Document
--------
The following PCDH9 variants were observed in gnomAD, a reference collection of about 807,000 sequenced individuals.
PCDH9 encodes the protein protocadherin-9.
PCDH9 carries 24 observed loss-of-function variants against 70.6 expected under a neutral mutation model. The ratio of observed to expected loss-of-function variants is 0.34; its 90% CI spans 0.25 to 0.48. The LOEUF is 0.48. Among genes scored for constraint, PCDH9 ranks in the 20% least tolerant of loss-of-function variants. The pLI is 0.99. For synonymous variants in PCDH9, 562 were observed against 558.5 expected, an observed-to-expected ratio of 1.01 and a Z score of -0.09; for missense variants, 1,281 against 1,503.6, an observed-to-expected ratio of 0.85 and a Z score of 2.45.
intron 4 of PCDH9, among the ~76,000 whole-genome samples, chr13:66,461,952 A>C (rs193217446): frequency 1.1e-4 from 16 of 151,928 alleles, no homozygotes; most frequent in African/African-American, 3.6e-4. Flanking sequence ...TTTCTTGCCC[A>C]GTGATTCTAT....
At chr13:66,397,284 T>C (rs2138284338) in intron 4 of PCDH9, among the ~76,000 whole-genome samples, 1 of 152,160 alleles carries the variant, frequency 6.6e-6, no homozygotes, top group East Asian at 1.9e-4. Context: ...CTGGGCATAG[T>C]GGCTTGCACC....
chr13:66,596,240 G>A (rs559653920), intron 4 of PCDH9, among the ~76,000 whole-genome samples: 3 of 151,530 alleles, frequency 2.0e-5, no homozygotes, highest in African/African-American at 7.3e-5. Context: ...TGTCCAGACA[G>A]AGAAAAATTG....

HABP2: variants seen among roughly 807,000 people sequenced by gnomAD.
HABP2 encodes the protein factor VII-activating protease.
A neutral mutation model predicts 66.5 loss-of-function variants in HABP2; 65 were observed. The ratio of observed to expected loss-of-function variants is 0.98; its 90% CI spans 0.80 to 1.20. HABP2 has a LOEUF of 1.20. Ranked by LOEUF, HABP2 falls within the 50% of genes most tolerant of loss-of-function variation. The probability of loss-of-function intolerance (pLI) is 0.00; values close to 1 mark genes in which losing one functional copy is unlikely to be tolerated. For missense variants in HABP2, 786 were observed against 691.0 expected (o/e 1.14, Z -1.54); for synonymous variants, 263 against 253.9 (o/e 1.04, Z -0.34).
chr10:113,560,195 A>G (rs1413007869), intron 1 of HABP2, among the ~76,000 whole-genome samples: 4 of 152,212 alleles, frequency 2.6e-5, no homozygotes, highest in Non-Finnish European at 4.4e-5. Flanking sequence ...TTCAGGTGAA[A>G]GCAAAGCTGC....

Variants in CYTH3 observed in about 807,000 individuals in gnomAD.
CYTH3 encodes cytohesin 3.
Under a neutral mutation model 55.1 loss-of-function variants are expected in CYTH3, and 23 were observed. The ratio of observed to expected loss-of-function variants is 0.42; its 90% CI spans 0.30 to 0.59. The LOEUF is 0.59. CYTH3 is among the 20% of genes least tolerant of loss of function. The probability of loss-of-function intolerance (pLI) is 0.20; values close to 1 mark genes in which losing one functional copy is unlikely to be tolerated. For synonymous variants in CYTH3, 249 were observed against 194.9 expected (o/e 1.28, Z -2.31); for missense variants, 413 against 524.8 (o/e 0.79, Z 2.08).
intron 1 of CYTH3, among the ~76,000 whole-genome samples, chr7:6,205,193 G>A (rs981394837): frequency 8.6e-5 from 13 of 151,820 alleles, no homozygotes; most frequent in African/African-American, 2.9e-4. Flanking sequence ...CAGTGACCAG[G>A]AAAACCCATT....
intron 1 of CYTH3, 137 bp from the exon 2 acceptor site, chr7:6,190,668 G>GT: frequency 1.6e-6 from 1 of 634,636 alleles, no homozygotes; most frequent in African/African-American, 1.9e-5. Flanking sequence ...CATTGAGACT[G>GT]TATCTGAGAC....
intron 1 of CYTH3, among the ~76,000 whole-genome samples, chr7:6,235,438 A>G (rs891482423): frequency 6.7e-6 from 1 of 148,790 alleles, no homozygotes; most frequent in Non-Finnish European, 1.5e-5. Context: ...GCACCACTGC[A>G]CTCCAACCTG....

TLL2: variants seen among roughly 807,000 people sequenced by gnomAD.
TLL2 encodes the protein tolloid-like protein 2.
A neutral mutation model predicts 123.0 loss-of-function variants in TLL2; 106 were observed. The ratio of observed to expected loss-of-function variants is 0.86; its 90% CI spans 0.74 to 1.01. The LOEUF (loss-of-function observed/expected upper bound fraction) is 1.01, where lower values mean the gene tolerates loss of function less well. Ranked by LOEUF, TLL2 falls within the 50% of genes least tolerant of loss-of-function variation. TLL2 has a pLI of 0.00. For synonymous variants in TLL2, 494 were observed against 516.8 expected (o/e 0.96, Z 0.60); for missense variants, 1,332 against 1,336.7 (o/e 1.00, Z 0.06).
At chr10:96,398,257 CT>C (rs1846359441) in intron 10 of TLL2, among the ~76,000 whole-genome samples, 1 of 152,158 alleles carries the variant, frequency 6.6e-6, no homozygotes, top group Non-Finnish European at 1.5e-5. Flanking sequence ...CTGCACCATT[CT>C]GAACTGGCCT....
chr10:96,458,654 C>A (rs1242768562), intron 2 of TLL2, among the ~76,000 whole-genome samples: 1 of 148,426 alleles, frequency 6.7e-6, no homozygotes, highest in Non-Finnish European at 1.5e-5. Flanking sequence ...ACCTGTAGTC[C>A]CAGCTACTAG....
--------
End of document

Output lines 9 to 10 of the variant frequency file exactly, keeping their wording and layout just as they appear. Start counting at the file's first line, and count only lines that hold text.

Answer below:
A neutral mutation model predicts 66.5 loss-of-function variants in HABP2; 65 were observed. The ratio of observed to expected loss-of-function variants is 0.98; its 90% CI spans 0.80 to 1.20. HABP2 has a LOEUF of 1.20. Ranked by LOEUF, HABP2 falls within the 50% of genes most tolerant of loss-of-function variation. The probability of loss-of-function intolerance (pLI) is 0.00; values close to 1 mark genes in which losing one functional copy is unlikely to be tolerated. For missense variants in HABP2, 786 were observed against 691.0 expected (o/e 1.14, Z -1.54); for synonymous variants, 263 against 253.9 (o/e 1.04, Z -0.34).
chr10:113,560,195 A>G (rs1413007869), intron 1 of HABP2, among the ~76,000 whole-genome samples: 4 of 152,212 alleles, frequency 2.6e-5, no homozygotes, highest in Non-Finnish European at 4.4e-5. Flanking sequence ...TTCAGGTGAA[A>G]GCAAAGCTGC....